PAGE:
Actually, it is very similar to Leninism. We do things for you, and we are doing it in the interest of everyone, and so on. I suspect that’s part of the reason why it’s been so easy historically for people to shift up and back from being sort of enthusiastic Stalinists to being big supporters of US power. People switch very quickly from one position to the other, and my suspicion is that it’s because basically it is the same position. You’re not making much of a switch. You’re just making a different estimate of where power lies. One point you think it’s here, another point you think it’s there. You take the same position.

[…] The first World War was the first time that highly organized state propaganda institutions were developed. The British had a Ministry of Information, and they really needed it because they had to get the US into the war or else they were in bad trouble. The Ministry of Information was mainly geared to sending propaganda, including fabrications about “Hun” atrocities, and so on. They were targeting American intellectuals on the reasonable assumption that these are the people who are most gullible and most likely to believe propaganda. They are also the ones that disseminate it through their own system. So it was mostly geared to American intellectuals, and it worked very well. The British Ministry of Information documents (a lot have been released) show their goal was, as they put it, to control the thought of the entire world—which was a minor goal—but mainly the US. They didn’t care much what people thought in India. This Ministry of Information was extremely successful in deluding leading American intellectuals, and was very proud of that. Properly so, it saved their lives. They would probably have lost the first World War otherwise.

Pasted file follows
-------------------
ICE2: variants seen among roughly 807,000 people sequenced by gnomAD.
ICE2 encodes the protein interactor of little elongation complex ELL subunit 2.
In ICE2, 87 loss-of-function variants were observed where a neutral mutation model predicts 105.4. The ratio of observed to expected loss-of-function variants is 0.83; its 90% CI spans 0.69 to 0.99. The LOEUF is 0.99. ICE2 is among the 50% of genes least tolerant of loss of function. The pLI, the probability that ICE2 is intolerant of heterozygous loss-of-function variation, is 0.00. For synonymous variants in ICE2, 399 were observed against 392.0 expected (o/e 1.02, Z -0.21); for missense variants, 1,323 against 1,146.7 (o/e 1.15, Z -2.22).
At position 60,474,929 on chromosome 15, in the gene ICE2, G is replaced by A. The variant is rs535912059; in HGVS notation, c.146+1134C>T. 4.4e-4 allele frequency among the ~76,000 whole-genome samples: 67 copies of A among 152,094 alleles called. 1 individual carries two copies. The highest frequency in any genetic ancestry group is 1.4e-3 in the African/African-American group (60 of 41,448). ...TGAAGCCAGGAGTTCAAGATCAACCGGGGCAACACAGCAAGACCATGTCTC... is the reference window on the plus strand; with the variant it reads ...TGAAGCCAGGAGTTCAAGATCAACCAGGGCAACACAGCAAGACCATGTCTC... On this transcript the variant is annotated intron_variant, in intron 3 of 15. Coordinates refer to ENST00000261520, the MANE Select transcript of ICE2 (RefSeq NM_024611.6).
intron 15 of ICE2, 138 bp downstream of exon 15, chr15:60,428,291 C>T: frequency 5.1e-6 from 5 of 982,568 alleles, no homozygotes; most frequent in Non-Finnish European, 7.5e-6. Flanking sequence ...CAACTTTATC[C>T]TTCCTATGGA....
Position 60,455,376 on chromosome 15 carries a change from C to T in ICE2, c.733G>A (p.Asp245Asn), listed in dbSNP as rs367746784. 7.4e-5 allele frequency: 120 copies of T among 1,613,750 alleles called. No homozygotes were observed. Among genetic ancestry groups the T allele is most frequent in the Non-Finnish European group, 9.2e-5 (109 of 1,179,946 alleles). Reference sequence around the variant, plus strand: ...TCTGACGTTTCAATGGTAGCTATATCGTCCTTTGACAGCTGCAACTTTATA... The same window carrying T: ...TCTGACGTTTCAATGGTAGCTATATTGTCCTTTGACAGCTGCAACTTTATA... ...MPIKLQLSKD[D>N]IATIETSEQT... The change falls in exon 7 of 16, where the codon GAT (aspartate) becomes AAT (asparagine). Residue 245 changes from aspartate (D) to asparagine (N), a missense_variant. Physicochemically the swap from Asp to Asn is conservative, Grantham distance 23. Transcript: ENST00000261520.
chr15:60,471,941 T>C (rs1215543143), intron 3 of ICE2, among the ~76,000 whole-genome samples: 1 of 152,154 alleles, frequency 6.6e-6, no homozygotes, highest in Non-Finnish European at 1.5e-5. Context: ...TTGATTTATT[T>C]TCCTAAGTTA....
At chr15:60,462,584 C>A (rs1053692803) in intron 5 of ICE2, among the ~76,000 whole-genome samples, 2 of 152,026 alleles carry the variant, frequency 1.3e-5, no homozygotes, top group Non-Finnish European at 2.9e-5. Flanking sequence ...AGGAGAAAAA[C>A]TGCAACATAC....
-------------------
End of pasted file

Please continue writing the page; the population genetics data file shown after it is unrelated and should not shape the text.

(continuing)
In the US there was a counterpart. Woodrow Wilson was elected in 1916 on an anti-war platform. The US was a very pacifist country. It has always been. People don’t want to go fight foreign wars. The country was very much opposed to the first World War, and Wilson was, in fact, elected on an anti-war position. “Peace without victory” was the slogan. But he decided to go to war. So the question was, how do you get a pacifist population to become raving anti-German lunatics so they want to go kill all the Germans? That requires propaganda. So they set up the first and really only major state propaganda agency in US history. The Committee on Public Information, it was called (nice Orwellian title); it was also called the Creel Commission. The guy who ran it was named Creel.

The task of this commission was to propagandize the population into jingoist hysteria. It worked incredibly well. Within a few months the US was able to go to war. A lot of people were impressed by these achievements. One person impressed, and this had some implications for the future, was Hitler. He concluded, with some justification, that Germany lost the first World War because it lost the propaganda battle. They could not begin to compete with British and American propaganda, which absolutely overwhelmed them. He pledges that next time around they’ll have their own propaganda system, which they did during the second World War.

More important for us, the American business community was also very impressed with the propaganda effort. They had a problem at that time. The country was becoming formally more democratic. A lot more people were able to vote and that sort of thing. The country was becoming wealthier and more people could participate and a lot of new immigrants were coming in, and so on. So what do you do? It’s going to be harder to run things as a private club. Therefore, obviously, you have to control what people think. There had been public relations specialists, but there was never a public relations industry. There was a guy hired to make Rockefeller’s image look prettier and that sort of thing. But the huge public relations industry, which is a US invention and a monstrous industry, came out of the first World War.

The leading figures were people in the Creel Commission. In fact, the main one, Edward Bernays, comes right out of the Creel Commission. He has a book that came out a few years afterwards called Propaganda, which became kind of a manual for the rising Public Relations industry, in which he was a prominent figure. The term “propaganda,” incidentally, did not have negative connotations in those days. It was during the second World War that the term became taboo because it was connected with Germany and all those bad things. But in this period, the term “propaganda” just meant information or something like that.